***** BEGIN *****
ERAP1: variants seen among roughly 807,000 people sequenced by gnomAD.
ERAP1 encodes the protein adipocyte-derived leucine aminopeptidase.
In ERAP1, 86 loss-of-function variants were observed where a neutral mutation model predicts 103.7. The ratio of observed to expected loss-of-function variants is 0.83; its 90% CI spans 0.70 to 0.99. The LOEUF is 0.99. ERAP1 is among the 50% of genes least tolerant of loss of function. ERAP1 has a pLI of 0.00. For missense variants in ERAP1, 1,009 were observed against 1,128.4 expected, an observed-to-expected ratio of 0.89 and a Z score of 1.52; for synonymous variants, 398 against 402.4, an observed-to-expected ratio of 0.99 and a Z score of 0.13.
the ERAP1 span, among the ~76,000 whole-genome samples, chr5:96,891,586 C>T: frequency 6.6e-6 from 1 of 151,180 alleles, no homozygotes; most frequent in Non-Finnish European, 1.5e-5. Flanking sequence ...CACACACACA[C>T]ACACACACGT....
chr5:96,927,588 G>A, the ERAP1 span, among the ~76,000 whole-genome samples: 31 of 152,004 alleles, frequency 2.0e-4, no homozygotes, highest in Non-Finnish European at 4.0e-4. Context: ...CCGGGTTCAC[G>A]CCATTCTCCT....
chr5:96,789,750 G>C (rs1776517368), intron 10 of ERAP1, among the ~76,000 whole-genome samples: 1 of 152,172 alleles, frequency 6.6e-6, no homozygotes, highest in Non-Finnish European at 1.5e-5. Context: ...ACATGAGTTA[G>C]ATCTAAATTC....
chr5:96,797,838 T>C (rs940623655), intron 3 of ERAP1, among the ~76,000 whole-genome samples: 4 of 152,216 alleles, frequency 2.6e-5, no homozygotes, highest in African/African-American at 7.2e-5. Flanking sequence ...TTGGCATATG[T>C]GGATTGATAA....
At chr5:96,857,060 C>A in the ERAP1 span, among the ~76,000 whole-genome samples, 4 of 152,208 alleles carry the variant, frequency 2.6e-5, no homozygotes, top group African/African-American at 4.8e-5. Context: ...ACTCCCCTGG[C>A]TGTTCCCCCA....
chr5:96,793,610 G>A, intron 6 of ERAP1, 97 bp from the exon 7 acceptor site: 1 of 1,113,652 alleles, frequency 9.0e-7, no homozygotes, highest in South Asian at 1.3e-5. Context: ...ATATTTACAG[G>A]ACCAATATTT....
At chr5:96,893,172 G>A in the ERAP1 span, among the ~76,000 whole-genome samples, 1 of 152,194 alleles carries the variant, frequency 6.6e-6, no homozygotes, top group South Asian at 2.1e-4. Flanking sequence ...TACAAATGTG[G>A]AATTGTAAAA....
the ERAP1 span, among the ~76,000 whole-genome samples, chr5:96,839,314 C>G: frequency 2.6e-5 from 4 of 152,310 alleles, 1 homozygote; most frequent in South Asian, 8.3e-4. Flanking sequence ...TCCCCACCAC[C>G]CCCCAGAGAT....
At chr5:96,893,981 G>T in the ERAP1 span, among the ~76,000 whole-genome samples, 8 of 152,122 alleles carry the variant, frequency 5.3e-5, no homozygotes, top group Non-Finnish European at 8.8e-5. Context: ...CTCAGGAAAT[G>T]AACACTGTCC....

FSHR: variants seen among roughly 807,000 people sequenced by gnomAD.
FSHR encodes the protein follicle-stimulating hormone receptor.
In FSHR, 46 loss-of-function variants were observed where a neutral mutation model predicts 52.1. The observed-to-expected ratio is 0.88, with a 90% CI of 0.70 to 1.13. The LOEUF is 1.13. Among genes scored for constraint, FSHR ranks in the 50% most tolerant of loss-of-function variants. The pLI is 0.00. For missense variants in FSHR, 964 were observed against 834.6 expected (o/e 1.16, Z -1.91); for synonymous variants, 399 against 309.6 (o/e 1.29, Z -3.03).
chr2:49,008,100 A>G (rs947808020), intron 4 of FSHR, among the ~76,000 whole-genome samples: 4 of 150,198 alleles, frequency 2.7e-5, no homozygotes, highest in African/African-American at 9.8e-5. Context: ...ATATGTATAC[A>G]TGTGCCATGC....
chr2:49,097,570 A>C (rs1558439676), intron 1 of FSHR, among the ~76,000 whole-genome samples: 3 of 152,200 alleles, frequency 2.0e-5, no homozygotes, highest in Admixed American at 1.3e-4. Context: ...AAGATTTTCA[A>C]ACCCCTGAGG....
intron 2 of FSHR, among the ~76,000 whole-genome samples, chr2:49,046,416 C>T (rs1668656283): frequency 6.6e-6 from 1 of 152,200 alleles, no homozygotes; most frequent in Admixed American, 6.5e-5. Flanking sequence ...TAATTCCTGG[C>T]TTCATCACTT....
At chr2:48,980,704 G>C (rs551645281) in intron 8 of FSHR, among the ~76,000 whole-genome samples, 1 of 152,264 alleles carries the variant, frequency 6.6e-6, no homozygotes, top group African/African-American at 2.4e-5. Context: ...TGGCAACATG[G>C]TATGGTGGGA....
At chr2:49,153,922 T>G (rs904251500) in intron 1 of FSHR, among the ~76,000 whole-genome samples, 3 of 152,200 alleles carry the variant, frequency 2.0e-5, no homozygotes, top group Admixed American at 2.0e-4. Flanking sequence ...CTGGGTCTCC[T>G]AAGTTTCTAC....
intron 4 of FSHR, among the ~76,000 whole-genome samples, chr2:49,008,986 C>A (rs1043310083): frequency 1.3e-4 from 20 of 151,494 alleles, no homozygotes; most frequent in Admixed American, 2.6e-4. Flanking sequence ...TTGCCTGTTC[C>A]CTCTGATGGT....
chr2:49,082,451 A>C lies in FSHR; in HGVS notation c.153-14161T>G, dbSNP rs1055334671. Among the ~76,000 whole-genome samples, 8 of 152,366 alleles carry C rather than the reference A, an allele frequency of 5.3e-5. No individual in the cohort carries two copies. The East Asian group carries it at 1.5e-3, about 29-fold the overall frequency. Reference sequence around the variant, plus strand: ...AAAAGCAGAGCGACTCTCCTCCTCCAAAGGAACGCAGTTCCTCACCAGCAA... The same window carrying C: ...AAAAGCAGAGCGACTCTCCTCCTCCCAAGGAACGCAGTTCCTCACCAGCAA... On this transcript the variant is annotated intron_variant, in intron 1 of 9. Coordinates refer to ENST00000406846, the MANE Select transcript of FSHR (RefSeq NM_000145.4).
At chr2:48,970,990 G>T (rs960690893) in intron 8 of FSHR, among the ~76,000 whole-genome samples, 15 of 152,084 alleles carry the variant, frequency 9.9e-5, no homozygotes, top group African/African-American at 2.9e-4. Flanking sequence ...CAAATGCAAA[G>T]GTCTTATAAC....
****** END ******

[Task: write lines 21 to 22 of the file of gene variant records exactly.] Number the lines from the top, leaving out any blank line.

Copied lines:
intron 4 of FSHR, among the ~76,000 whole-genome samples, chr2:49,008,986 C>A (rs1043310083): frequency 1.3e-4 from 20 of 151,494 alleles, no homozygotes; most frequent in Admixed American, 2.6e-4. Flanking sequence ...TTGCCTGTTC[C>A]CTCTGATGGT....
chr2:49,082,451 A>C lies in FSHR; in HGVS notation c.153-14161T>G, dbSNP rs1055334671. Among the ~76,000 whole-genome samples, 8 of 152,366 alleles carry C rather than the reference A, an allele frequency of 5.3e-5. No individual in the cohort carries two copies. The East Asian group carries it at 1.5e-3, about 29-fold the overall frequency. Reference sequence around the variant, plus strand: ...AAAAGCAGAGCGACTCTCCTCCTCCAAAGGAACGCAGTTCCTCACCAGCAA... The same window carrying C: ...AAAAGCAGAGCGACTCTCCTCCTCCCAAGGAACGCAGTTCCTCACCAGCAA... On this transcript the variant is annotated intron_variant, in intron 1 of 9. Coordinates refer to ENST00000406846, the MANE Select transcript of FSHR (RefSeq NM_000145.4).